|RATP, the company that runs the transport network in Paris, France, has awarded multi-year contracts worth a total of EUR 11 million to install LED lighting across its properties.
The overall project involves the replacement of the 250,000 light points in 302 metro stations and 66 RER stations with LED lighting.
A hundred metro and RER stations will be fitted out each year between 2013 and 2017. Roll-out will commence in mid-April 2013 at Franklin D. Roosevelt metro station (lines 1 and 9). This project is fully funded by RATP.
The tender was divided into six lots, of which five were awarded to a partnership between Philips and French professional lighting company Solutions Techniques d’Eclairage Professionnel (Step). The sixth lot went to Soitec, a French company best known for its work on semiconductor materials.
The switch to LED fixtures will reduce the energy needed to light up the Paris metro and suburban RER stations by more than 50%, while improving the light quality at the same time, said Philips.
"Philips is proud to work with RATP to help achieve the world's first transport network whose stations will be fully fitted with LED lighting," said Benjamin Azoulay, general manager of Philips Lighting France.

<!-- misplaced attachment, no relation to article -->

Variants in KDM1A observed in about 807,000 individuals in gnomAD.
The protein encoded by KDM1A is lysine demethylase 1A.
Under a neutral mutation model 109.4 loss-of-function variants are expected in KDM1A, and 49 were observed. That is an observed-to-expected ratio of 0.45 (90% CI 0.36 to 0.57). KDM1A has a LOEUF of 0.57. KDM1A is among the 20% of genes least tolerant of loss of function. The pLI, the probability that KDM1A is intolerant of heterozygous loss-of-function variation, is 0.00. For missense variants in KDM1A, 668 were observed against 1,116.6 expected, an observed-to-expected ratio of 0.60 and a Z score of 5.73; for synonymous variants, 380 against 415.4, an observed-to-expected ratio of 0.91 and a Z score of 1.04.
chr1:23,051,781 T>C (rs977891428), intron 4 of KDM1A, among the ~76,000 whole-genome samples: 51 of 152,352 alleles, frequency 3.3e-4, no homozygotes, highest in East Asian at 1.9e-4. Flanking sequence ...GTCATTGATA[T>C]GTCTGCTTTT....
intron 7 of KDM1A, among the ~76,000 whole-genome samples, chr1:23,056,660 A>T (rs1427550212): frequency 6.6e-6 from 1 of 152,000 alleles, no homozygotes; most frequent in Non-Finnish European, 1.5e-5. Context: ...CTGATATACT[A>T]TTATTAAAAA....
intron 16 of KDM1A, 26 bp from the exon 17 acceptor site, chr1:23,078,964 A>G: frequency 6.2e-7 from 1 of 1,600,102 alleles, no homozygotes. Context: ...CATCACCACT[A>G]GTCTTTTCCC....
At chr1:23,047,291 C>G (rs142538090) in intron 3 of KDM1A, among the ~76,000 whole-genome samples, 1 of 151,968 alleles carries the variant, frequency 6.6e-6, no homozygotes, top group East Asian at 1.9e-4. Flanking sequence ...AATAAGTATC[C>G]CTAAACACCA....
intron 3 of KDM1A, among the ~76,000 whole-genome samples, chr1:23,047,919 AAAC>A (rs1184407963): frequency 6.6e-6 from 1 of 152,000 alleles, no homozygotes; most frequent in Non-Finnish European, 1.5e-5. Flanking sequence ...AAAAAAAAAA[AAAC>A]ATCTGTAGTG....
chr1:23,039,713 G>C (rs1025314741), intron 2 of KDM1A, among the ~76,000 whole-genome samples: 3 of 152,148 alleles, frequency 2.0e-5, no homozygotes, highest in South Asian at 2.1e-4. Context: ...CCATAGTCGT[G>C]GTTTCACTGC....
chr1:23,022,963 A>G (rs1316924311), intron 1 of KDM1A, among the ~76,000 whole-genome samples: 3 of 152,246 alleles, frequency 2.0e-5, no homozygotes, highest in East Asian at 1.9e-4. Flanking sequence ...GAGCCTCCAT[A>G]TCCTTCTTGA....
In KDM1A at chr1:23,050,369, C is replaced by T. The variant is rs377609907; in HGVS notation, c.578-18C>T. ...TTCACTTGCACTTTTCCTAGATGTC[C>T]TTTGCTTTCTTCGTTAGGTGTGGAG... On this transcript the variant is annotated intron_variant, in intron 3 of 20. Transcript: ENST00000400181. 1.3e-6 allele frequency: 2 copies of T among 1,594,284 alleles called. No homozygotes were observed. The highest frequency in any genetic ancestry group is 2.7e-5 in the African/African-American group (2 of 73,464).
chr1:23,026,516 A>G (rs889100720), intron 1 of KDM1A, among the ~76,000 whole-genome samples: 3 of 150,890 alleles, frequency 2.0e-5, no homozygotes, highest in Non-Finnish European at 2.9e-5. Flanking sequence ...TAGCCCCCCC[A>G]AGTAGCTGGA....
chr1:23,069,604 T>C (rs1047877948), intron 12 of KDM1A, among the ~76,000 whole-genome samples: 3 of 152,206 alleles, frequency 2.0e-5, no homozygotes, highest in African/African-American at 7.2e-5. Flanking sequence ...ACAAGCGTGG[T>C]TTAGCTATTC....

RATP says that it aims to reduce its energy consumption and greenhouse-gas emissions by 15% from 2004 until 2020. Obviously, the switch to LED lighting is intended to help meet those objectives. The electricity usage of RATP's stations represents roughly 12% of its total energy consumption.
Since August 2009, RATP has conducted numerous trials with LED lighting, including, for example, the replacement of all the lights in Censier-Daubenton metro station (early 2010), at RATP head office (2010) and certain industrial facilities (2011).
On the strength of the results, the group made the decision to roll out LED lighting across its metro and RER networks, representing a surface area of around one million square meters.
With 12 million passengers travelling in and around Paris every day, RATP is the world's 5th largest urban transport operator. Its multimodal network, one of the biggest in the world, includes 14 metro lines, two RER lines, three tram lines, 350 bus routes and direct links to two of the city's airports.